Surviving college after the loss of a parent
David Fajgenbaum created Students of AMF to support grieving college students. He is pictured here with his mom, Anne Marie Fajgenbaum, who died when David was a college sophomore.
September 3rd, 2012
04:27 AM ET

Surviving college after the loss of a parent

By Katherine Dorsett Bennett, CNN

(CNN) - David Fajgenbaum started his freshman year of college as a pre-med student at Georgetown University with much anxiety - worrying about his mother's failing health. His mom, Anne Marie Fajgenbaum, had been diagnosed with a malignant brain tumor just two weeks before he started classes.

"We placed my mom in Hospice about two months before she passed away, just as I was beginning my sophomore year, so I drove home every weekend to Raleigh, North Carolina, for those two months to see her," he said.

David had a couple of close friends he could confide in about his mother's situation, but he felt they couldn't relate to or understand the pain he was going through. "It's not an easy thing to bring up at a party or that anyone wants to talk about in the cafeteria," he said.

After a tough battle, David's mother passed away on October 26, 2004. His family held her memorial service a few days after her death and then David immediately returned back to school.

"Since I was pre-med, I decided to focus my efforts on fighting back against cancer, and I was able to connect my studies with honoring my mom, so I actually was able to do very well academically," he noted.

While David excelled in his studies, he struggled personally through her illness and passing. He knew he could speak with counselors at Georgetown, but he felt what he really needed was the opportunity to speak with other students going through the same experience that he was.

Her death prompted him to form an organization called Students of AMF -  a dual acronym for "Ailing Mothers and Fathers" that later changed to “Actively Moving Forward” - and his mother's name, Anne Marie Fajgenbaum.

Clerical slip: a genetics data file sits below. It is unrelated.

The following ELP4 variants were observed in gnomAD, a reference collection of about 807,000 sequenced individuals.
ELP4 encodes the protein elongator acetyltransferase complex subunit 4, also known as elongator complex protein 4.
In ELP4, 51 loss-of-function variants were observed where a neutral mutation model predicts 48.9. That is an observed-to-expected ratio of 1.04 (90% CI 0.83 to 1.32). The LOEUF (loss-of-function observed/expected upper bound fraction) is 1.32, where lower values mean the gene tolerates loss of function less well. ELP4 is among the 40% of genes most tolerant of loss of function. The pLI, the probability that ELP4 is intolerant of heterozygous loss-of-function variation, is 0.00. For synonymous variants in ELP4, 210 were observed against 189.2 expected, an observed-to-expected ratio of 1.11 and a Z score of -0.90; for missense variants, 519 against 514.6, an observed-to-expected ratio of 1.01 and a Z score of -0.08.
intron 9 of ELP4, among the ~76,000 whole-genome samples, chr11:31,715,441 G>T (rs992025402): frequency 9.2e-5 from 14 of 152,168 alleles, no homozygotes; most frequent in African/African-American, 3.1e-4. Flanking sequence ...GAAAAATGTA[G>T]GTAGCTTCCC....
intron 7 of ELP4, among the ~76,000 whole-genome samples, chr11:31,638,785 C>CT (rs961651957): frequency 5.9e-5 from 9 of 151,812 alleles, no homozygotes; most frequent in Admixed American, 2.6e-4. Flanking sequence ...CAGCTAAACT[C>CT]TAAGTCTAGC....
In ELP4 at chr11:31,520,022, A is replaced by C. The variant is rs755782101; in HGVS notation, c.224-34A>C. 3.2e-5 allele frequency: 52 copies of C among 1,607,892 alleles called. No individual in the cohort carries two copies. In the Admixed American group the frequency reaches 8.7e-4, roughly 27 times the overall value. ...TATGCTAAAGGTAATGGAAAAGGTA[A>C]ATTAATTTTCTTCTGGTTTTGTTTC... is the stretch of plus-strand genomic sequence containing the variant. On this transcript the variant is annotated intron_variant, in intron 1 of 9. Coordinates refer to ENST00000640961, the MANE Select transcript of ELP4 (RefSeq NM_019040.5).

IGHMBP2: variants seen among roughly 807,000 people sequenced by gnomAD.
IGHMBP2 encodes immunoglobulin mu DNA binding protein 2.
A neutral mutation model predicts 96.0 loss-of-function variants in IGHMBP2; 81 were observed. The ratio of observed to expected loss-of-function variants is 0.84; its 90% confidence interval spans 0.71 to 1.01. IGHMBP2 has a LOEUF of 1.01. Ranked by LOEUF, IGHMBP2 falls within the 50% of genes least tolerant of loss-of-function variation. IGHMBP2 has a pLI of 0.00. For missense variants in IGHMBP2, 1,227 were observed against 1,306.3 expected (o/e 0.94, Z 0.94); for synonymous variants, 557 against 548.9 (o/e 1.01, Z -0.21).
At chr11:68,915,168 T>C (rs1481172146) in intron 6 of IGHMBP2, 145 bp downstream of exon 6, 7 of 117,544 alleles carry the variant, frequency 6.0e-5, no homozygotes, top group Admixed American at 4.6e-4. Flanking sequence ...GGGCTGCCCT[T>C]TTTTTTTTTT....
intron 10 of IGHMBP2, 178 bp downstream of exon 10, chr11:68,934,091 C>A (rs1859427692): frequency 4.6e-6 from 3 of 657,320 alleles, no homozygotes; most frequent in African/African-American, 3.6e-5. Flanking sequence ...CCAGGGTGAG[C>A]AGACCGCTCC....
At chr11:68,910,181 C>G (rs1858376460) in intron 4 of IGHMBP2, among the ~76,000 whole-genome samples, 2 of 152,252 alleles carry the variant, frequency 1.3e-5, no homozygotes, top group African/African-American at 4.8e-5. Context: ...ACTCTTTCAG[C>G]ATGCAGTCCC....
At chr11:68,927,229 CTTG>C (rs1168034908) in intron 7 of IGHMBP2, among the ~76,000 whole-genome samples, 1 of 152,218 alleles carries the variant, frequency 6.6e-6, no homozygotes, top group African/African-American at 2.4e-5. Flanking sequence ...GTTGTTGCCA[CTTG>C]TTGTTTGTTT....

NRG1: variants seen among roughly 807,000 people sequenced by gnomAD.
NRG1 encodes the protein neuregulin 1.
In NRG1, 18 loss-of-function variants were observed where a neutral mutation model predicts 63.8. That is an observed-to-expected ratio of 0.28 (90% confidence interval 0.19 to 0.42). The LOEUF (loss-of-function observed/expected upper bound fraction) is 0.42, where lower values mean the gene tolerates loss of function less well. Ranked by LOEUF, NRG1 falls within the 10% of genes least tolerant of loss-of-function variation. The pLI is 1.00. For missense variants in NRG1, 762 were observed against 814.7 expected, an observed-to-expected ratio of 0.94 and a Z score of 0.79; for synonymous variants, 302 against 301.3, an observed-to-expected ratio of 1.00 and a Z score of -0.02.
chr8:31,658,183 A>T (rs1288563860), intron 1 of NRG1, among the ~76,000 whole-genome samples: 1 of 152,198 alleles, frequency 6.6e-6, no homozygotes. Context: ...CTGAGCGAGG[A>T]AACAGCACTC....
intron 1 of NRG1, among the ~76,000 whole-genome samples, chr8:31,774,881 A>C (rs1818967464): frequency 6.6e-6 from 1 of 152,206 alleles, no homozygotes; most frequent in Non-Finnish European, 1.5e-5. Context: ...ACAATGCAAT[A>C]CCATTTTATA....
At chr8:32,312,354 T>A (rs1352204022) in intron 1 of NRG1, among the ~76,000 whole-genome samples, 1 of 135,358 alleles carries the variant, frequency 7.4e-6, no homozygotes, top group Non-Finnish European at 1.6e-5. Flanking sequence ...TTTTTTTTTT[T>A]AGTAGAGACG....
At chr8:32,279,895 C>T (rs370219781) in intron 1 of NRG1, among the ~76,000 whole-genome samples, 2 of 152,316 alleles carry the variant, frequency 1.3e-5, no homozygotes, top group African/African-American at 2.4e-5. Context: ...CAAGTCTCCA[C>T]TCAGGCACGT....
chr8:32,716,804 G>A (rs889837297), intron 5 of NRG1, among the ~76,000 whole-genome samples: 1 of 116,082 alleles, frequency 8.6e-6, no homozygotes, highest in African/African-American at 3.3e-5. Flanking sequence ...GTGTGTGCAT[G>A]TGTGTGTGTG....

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Filed under: At Home • College
Time spent playing video games pays off for student
Sinclair Community College student Trace Curry credits his video game playing as a factor in his success in the college's Unmanned Aircraft Systems (UAS) program.
April 23rd, 2012
06:28 AM ET

Time spent playing video games pays off for student

by Katherine Dorsett Bennett, CNN

(CNN) Complaints by some parents to their school-aged children that video games "aren't good for you" may not necessarily be true.

Apparently, a "PlayStation" mentality can pay off for students interested in aviation and could lead to a future career in that industry.

The strong hand-eye coordination skills and familiarity with a visual readout (from playing video games) can particularly create an advantage for aviation students interested in the field of Unmanned Aircraft Systems (UAS), said Dr. Steve Johnson, President of Sinclair Community College in Dayton, Ohio. "I think there are a lot of things that go into being successful as a student in any program and this is no different," he said.

UAS is an aircraft (also commonly known as a drone or unmanned aerial vehicle) that doesn't carry a crew and is remotely piloted. There are a wide variety of these flying machines. A major benefit of this aircraft is that in theory it can perform many dangerous tasks as a manned aircraft without risking the lives of a pilot and crew.  Most UAS programs have been historically designed for the military, but commercial industries are now developing new types of UAS applications and need to hire people trained in this field, according to Adam Murka, the director of public information at Sinclair.

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Filed under: Practice • Technology